COVID-19, SARS and MERS: are they closely related?

N. Petrosillo, G. Viceconte, O. Ergonul, G. Ippolito, E. Petersen

Research output: Contribution to journalReview article

Abstract

Background: The 2019 novel coronavirus (SARS-CoV-2) is a new human coronavirus which is spreading with epidemic features in China and other Asian countries; cases have also been reported worldwide. This novel coronavirus disease (COVID-19) is associated with a respiratory illness that may lead to severe pneumonia and acute respiratory distress syndrome (ARDS). Although related to the severe acute respiratory syndrome (SARS) and the Middle East respiratory syndrome (MERS), COVID-19 shows some peculiar pathogenetic, epidemiological and clinical features which to date are not completely understood. Aims: To provide a review of the differences in pathogenesis, epidemiology and clinical features of COVID-19, SARS and MERS. Sources: The most recent literature in the English language regarding COVID-19 has been reviewed, and extracted data have been compared with the current scientific evidence about SARS and MERS epidemics. Content: COVID-19 seems not to be very different from SARS regarding its clinical features. However, it has a fatality rate of 2.3%, lower than that of SARS (9.5%) and much lower than that of MERS (34.4%). The possibility cannot be excluded that because of the less severe clinical picture of COVID-19 it can spread in the community more easily than MERS and SARS. The actual basic reproductive number (R0) of COVID-19 (2.0–2.5) is still controversial. It is probably slightly higher than the R0 of SARS (1.7–1.9) and higher than that of MERS (<1). A gastrointestinal route of transmission for SARS-CoV-2, which has been assumed for SARS-CoV and MERS-CoV, cannot be ruled out and needs further investigation. Implications: There is still much more to know about COVID-19, especially as concerns mortality and its capacity to spread on a pandemic level. Nonetheless, all of the lessons we learned in the past from the SARS and MERS epidemics are the best cultural weapons with which to face this new global threat.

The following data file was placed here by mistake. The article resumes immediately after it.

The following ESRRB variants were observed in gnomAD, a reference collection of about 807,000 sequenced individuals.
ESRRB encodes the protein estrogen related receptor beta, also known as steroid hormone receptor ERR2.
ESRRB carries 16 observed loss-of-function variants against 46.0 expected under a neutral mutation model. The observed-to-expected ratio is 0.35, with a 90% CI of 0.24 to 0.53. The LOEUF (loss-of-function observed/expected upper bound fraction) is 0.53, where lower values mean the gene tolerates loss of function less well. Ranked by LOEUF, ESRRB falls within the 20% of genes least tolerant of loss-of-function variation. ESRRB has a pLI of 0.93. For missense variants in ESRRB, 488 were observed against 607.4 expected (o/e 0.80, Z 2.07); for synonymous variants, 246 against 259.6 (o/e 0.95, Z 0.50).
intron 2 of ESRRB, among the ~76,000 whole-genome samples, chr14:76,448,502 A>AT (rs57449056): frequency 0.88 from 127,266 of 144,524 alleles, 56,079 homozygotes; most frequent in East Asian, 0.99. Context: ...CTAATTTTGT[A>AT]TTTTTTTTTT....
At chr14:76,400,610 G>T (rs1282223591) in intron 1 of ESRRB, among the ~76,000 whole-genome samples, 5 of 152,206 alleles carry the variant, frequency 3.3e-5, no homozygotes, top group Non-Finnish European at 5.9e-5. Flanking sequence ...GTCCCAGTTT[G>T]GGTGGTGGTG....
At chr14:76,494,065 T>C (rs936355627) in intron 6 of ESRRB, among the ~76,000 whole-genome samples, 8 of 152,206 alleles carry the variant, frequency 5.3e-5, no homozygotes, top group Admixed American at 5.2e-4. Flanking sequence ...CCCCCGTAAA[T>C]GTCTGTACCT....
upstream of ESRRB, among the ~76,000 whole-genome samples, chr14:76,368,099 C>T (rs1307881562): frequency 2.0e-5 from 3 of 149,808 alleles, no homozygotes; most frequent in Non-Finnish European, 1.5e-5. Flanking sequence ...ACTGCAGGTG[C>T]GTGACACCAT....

Original languageEnglish
JournalClinical Microbiology and Infection
DOIs
Publication statusAccepted/In press - Jan 1 2020

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Keywords

  • Coronavirus
  • COVID-19
  • Emerging infections
  • MERS
  • SARS

ASJC Scopus subject areas

  • Microbiology (medical)
  • Infectious Diseases

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